Last Week Tonight with John Oliver recently featured what Entertainment Weekly called a “blistering segment” on televangelism. To be clear, John Oliver wasn’t attacking all churches or religion itself. Last Week Tonight had a very specific bone to pick with “prosperity preachers.”
These men and women claim that by sending them “seed” money, God will perform all sorts of miracles in their lives. In other words, the richer you make these preachers, the richer you will somehow become.
— Vox (@voxdotcom) August 17, 2015
Aside from the controversy caused by taking advantage of vulnerable people, Last Week Tonight also revealed the rather lax approach the IRS has when investigating churches. Often concepts of what defines a church and why they are tax-exempt are kept purposely vague.
This vagueness is so easy to exploit that John Oliver and the Last Week Tonight show runners decided to test it by starting their own church. The church, known as “Our Lady of Perpetual Exemption,” even has its own website.
“When John Oliver found out that Robert Tilton, Kenneth Copeland, and pastors of their ilk have been taking advantage of the open-ended IRS definition of the word ‘church’ and procuring a litany of tax breaks, he founded the ‘Our Lady of Perpetual Exemption,’ a tax-exempt organization that you can’t say is not a church.”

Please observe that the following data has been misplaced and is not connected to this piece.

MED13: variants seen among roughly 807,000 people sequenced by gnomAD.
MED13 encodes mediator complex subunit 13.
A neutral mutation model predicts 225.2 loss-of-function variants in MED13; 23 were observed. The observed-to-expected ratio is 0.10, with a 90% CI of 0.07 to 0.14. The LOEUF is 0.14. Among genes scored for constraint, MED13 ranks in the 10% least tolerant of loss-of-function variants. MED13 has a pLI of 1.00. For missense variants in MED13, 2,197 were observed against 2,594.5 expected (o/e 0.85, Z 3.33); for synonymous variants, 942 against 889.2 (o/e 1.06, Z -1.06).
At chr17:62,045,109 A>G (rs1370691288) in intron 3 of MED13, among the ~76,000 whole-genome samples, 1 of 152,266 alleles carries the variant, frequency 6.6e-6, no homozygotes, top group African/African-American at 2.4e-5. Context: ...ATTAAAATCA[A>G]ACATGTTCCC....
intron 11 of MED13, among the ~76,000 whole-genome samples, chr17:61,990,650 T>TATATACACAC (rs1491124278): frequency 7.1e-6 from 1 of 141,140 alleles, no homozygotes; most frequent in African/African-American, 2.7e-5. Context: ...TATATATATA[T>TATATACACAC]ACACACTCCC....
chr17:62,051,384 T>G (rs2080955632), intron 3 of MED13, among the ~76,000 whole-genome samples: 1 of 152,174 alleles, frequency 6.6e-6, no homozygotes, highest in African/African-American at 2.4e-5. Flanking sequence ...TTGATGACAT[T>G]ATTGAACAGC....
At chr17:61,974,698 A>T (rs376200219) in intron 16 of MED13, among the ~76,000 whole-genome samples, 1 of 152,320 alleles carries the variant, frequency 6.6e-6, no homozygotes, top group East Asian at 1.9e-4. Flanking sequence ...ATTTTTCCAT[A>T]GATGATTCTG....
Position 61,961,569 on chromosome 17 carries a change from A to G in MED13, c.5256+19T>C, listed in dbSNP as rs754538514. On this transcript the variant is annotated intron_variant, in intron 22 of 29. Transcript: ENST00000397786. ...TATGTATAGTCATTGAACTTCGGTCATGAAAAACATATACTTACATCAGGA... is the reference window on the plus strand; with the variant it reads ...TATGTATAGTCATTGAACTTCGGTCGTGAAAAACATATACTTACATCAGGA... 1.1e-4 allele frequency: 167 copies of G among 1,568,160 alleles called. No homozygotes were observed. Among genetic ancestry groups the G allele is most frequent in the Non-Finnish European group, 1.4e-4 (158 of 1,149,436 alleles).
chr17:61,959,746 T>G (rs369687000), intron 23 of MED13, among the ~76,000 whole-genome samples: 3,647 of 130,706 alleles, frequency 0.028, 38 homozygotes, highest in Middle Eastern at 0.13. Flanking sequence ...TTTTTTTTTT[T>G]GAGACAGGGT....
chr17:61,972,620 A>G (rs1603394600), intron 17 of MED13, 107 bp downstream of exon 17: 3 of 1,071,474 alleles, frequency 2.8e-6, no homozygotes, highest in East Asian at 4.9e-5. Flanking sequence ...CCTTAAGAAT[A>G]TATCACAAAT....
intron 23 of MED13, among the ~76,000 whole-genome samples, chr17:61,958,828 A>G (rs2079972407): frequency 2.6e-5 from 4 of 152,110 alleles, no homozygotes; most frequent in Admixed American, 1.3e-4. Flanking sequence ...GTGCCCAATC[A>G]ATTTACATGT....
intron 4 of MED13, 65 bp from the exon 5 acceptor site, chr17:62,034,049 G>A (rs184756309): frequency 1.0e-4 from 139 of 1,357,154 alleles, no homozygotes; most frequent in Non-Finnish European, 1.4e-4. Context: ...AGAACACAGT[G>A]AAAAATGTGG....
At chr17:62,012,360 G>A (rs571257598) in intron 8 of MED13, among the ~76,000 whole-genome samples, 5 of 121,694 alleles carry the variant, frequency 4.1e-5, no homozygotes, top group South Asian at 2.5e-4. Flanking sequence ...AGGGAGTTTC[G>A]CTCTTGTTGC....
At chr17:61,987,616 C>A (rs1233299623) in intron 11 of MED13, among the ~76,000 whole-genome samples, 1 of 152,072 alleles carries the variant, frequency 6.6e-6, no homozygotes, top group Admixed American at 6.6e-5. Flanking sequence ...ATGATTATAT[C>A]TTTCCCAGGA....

The Last Week Tonight segment wrapped with a parody of televangelist programing (featuring SNL alumnus Rachel Dratch). Since being uploaded to YouTube, the 20-minute exposé has been viewed more than five million times.
— UPROXX (@UPROXX) August 22, 2015
According to CBS News, the episode just might pressure the IRS to crack down on “prosperity preachers” and hold such fraudulent individuals accountable. The IRS failed to do church audits between 2009 and 2014; between 2014 and 2015, only three churches were audited.
While there are calls for the IRS to crack down (and this segment has undoubtedly increased the pressure), some worry that forcing such a change would endanger the work that law-abiding churches do as well as violate their Constitutional rights. Trinity Foundation president Ole Anthony said as much to CBS News.
“There is no surer way to destroy that free exercise of religion than to begin to tax it.”
Instead, Anthony believes that the church community should outright condemn “hucksters” and emphasize that “fraud is illegal in the name of God.”
Do you think the IRS should make a greater effort to police church tax-exemption? Share your thoughts below!
[Image Credit: Screen grab from YouTube/LastWeekTonight]